Jerome Short, Ph.D.

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Current Research

My recent Research Publications include:

Disabato, D. J., Short, J. L., Lameira, D. M., Bagley, K. D., & Wong, S. J. (2018). Predicting help seeking behavior: The impact of knowing someone close who has sought help. Journal of American College Health. DOI:10.1080/07448481.2018.1440568

(Abstract) Objectives: This study sought to replicate and extend research on social facilitators of college student's help seeking for psychological problems. Participants: We collected data on 420 ethnically diverse college students at a large public university (September 2008 – May 2010). Methods: Students completed a cross-sectional online survey. Results: We found that students who were aware of close others’ (e.g., family, friends) help seeking were two times more likely to have sought formal (e.g., psychologist) and informal (e.g., clergy) help themselves. Tests of moderation revealed the incremental effect (i.e., controlling for help seeking attitudes, internalizing symptoms, cultural demographics) of close others’ formal help seeking was strong and significant for men (R2 = .112) while negligible and nonsignificant for women (R2 = .002). Conclusions: We discuss the importance for students – particularly men – to learn about close others’ help seeking for facilitating their own help seeking during times of distress. Available at:

Disabato, D. J., Kashdan, T. B., Short, J. L., & Jarden, A. (2017). What predicts positive life events that influence the course of depression? A longitudinal examination of gratitude and meaning in life. Cognitive Therapy and Research, 41(3), 44-58.

(Abstract) Decades of research have shown that positive life events contribute to the remission and recovery of depression; however, it is unclear how positive life events are generated. In this study, we sought to understand if personality strengths could predict positive life events that aid in the alleviation of depression. We tested a longitudinal mediation model where gratitude and meaning in life lead to increased positive life events and, in turn, decreased depression. The sample consisted of 797 adult participants from 43 different countries who completed online surveys at five timepoints. Higher levels of gratitude and meaning in life each predicted decreases in depression over 3 and 6 months time. Increases in positive life events mediated the effects of these personality strengths on depression over 3 months; however, not over 6 months. Goal pursuit and positive emotions are theorized to be the driving forces behind gratitude and meaning in life’s effects on positive life events. We used the hedonic treadmill to interpret the short-term impact of positive life events on depression. Our findings suggest the potential for gratitude and meaning in life interventions to facilitate depression remission. Available at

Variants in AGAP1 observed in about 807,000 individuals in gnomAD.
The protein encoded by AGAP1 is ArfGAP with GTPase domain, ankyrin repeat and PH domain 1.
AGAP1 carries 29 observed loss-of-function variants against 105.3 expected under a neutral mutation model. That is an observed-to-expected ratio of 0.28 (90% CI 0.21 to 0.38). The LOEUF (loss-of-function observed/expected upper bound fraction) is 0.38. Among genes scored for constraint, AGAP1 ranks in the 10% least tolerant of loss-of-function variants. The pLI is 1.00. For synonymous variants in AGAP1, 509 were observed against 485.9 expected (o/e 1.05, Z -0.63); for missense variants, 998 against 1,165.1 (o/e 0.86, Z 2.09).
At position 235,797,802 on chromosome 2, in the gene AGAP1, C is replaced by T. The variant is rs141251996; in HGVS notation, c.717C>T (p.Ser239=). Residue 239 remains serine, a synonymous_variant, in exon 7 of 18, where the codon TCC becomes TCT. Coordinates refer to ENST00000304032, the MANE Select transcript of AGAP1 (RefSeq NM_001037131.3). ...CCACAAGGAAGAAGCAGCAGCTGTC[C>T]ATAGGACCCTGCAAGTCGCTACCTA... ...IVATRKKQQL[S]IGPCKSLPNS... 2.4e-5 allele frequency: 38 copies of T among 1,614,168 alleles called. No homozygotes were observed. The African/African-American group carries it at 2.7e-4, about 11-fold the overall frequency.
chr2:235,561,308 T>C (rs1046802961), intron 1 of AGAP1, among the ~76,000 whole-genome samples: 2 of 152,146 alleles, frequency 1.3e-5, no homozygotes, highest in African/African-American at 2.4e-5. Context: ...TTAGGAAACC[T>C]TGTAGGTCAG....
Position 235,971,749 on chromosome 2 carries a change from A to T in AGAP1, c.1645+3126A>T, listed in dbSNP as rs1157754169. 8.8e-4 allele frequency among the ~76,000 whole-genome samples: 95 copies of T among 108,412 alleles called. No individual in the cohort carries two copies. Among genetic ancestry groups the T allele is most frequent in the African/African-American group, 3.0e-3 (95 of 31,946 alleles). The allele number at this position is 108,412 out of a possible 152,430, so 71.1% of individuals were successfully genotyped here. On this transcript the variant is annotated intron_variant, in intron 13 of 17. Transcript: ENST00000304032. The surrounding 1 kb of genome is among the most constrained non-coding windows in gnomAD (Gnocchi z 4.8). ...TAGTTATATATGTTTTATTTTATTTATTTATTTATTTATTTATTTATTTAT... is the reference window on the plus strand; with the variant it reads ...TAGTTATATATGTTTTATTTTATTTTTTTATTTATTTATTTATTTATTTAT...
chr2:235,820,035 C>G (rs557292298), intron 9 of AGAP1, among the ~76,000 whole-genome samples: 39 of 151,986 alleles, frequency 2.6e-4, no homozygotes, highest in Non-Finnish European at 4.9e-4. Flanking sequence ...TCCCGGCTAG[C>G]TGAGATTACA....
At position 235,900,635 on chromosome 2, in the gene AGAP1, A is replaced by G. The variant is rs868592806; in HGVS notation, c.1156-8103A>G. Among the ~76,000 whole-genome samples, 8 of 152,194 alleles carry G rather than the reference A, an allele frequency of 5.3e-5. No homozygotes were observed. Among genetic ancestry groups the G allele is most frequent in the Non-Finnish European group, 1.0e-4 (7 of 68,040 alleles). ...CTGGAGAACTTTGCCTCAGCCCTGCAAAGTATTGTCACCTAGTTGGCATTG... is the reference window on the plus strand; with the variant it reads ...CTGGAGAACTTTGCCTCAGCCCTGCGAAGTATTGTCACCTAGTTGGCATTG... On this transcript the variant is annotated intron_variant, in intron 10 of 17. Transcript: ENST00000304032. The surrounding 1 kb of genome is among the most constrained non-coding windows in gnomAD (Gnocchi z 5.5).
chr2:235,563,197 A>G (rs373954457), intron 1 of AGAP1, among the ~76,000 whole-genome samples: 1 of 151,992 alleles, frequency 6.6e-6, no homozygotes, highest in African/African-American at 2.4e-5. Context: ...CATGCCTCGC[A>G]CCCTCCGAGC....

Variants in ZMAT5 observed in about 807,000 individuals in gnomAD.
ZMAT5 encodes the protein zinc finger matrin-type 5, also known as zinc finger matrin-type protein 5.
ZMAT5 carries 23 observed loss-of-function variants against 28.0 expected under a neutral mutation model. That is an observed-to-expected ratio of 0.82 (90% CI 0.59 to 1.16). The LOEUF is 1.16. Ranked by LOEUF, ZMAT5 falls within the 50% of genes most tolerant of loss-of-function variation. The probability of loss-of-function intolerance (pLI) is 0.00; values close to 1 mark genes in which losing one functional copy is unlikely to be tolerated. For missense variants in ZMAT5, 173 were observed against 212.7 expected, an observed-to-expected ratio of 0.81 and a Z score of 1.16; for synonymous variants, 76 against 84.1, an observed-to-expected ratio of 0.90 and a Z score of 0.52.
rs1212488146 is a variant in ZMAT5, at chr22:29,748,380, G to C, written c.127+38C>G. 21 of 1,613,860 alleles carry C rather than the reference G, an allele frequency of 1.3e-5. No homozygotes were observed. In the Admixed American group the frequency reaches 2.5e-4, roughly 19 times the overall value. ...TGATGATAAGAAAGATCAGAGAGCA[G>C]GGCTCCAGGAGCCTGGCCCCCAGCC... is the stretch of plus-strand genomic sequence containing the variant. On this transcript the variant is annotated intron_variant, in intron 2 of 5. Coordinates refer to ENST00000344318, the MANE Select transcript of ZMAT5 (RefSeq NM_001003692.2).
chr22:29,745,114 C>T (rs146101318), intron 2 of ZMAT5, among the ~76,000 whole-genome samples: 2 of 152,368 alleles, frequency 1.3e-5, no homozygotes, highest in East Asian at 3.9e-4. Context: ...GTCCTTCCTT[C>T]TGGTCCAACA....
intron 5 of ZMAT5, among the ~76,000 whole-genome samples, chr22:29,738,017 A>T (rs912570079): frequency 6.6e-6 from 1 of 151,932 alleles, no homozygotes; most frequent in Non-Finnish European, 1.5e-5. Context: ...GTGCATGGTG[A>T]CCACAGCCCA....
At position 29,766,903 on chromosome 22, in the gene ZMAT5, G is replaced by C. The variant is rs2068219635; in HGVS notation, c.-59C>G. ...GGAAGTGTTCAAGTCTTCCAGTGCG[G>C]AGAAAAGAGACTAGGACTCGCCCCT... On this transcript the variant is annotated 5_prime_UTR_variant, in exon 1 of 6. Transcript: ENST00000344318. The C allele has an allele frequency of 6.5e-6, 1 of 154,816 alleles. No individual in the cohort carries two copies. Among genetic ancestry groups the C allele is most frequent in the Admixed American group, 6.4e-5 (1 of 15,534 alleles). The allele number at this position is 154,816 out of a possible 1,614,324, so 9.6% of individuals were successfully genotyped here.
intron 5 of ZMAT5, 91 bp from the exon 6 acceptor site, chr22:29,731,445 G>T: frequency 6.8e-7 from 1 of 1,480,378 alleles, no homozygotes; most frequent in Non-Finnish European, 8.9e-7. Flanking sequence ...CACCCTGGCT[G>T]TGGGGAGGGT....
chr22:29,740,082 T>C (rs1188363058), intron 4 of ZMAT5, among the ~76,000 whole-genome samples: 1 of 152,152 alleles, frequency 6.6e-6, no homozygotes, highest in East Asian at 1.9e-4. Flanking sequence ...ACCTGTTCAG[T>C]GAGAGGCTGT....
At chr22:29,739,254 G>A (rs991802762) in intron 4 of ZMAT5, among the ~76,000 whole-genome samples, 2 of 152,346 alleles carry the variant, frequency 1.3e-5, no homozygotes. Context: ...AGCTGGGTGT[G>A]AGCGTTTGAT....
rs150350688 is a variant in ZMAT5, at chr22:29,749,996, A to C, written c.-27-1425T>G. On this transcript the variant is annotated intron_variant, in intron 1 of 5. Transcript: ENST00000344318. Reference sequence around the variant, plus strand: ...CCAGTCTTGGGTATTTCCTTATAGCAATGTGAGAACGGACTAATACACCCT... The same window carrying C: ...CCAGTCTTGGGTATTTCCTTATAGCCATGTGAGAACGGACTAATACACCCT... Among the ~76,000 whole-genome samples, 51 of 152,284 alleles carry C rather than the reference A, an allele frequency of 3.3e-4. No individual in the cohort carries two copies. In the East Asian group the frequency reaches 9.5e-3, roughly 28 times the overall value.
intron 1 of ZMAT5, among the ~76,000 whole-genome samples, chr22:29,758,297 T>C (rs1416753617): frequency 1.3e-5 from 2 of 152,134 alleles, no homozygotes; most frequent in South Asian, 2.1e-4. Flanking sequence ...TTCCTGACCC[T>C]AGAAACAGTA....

Disabato, D. J., Goodman, F. R., Kashdan, T. B., Short, J .L., & Jarden, A. (2016). Different types of well-being? A cross-cultural examination of hedonic and eudaimonic well-being. Psychological Assessment, 28(5), 471-482.